Some might question how matcha can be differentiated from "regular" green tea in a ready-to-drink product since the origin of the tea ingredient is not immediately evident. One company that has found an ingenious way to address this is Hong Kong-based Roku Roku Group with its "Or Tea?" bottled matcha drink which is sold in France, the UK, and Spain. "Or Tea?" matcha "twist & shake" uses under-the-cap technology which houses matcha powder underneath the top cap to maintain the integrity of the matcha powder. When the consumer twists the bottle cap, tea powder drops into the liquid below; shaking the bottle produces a bright green-coloured drink. Under-the-cap technology ensures that the full nutritional value of matcha is maintained until the beverage is ready to enjoy.
Future growth for matcha may lie outside of the tea category. One of the more interesting applications for matcha is in alcoholic beverages. Japan's Suntory offers Suntory Aromatic Matcha Kaoru Osake (aromatic matcha liqueur), an 8% abv drink packaged in a 50cl bottle and promoted as a new way to enjoy matcha. Also new in Japan, Kaldi Futto Nomu (shake drink) matcha latte no osake (matcha latte cocktail) is a 17cl, 5% abv product that piggybacks on the popularity of non-alcoholic matcha latte drinks.
Matcha is also beginning to appear in functional drinks, suggesting yet another growth path. Ito En North America recently launched Matcha Love Matcha Colada in the US, a drink made with coconut water, matcha, and green tea that is pitched as a natural source of electrolytes. A mood enhancer and natural energy booster, Matcha Love blurs the line between coconut water, green tea, and energy drinks.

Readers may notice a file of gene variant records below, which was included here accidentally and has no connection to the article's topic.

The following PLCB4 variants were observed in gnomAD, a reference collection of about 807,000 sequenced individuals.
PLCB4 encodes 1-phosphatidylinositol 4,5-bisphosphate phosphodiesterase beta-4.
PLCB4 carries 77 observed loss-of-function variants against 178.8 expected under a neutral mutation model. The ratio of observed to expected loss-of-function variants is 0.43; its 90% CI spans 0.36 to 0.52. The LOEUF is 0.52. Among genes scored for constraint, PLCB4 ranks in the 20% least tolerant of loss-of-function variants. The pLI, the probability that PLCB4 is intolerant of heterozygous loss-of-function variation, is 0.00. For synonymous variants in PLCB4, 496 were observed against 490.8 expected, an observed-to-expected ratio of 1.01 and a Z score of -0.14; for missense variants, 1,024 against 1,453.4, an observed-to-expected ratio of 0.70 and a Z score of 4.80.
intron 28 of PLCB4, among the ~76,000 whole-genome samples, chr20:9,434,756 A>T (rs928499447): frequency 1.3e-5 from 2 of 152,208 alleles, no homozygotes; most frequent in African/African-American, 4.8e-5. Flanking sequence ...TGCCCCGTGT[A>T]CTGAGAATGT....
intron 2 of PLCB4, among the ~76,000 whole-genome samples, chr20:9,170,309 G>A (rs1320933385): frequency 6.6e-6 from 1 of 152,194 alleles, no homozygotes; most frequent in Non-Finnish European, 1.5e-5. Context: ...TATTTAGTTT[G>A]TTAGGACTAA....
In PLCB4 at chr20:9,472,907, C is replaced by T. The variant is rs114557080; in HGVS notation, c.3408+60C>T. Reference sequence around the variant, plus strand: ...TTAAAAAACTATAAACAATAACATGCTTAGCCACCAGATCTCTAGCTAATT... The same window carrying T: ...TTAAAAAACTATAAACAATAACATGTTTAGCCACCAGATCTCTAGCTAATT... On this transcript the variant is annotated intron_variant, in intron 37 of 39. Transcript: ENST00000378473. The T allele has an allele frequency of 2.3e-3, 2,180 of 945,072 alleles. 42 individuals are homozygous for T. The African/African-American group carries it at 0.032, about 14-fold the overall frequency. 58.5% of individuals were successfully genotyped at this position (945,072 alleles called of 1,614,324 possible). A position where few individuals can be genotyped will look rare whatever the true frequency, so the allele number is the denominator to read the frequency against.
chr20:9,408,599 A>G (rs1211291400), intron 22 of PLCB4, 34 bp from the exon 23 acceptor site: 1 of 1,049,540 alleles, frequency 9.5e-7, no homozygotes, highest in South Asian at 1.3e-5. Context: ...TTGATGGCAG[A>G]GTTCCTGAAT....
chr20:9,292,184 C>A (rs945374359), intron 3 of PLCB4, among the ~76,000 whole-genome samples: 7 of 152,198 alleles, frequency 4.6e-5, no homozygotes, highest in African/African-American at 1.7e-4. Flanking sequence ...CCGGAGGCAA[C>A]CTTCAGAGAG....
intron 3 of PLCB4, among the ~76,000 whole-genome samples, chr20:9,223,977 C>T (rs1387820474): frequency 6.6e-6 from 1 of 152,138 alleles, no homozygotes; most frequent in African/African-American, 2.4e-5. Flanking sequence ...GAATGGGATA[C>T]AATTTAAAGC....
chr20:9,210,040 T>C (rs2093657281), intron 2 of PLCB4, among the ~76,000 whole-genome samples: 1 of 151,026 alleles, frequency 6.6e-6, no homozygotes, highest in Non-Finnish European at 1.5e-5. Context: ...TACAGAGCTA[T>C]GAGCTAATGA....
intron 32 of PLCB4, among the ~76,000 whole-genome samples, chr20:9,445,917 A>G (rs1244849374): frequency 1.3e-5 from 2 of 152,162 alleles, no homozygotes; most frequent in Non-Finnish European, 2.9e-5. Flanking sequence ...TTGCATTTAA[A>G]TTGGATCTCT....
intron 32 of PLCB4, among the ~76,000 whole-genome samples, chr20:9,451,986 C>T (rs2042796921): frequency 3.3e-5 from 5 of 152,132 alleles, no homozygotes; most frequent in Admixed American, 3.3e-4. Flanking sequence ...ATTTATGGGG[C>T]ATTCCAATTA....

Somewhat less blurry is Matcha Magic bio energy drink from Aschheim, Germany-based ZEEKEI. Flavoured with matcha, mango, and citrus, Matcha Magic is an organic energy drink which delivers a generous dose of caffeine (30mg per 100ml of beverage). Caffeine is one functional ingredient that matcha is well known for, with one important twist. Matcha ingredient supplier Aiya America says that matcha provides "three to six hours of sustained, natural energy" thanks to the presence of natural caffeine said to metabolise more slowly than caffeine found in coffee because of how the caffeine combines with the L-theanine naturally found in matcha. This extended release feature reportedly makes matcha superior to other caffeine-based energy enhancers like coffee or energy drinks which may be more prone to producing a "caffeine crash."
So is "naturally-occurring caffeine" really "better for you" than caffeine that has been added to foods or drinks? It is unclear if this is the case, but research suggests that consumers are open to the possibility. The International Food Information Council Foundation's 2015 Food and Health Survey of American consumers found that 47% were "not sure" if caffeine that is naturally occurring in foods and beverages has the same effect as added caffeine.
If there is anything holding matcha back from wider consumer acceptance, it may be poor levels of consumer awareness in some country markets. Canadean's 2015 ingredient survey found that just 2% of consumers globally say they are "not familiar" with green tea, but that number jumps to 57% for matcha. There are certainly exceptions. In Japan, just 5% of consumers are "not familiar" with matcha. But this "not familiar" number jumps to 66% in the US, 75% in the UK and 81% in the Netherlands. For matcha to really take off, drinks makers are going to have to work on those awareness numbers.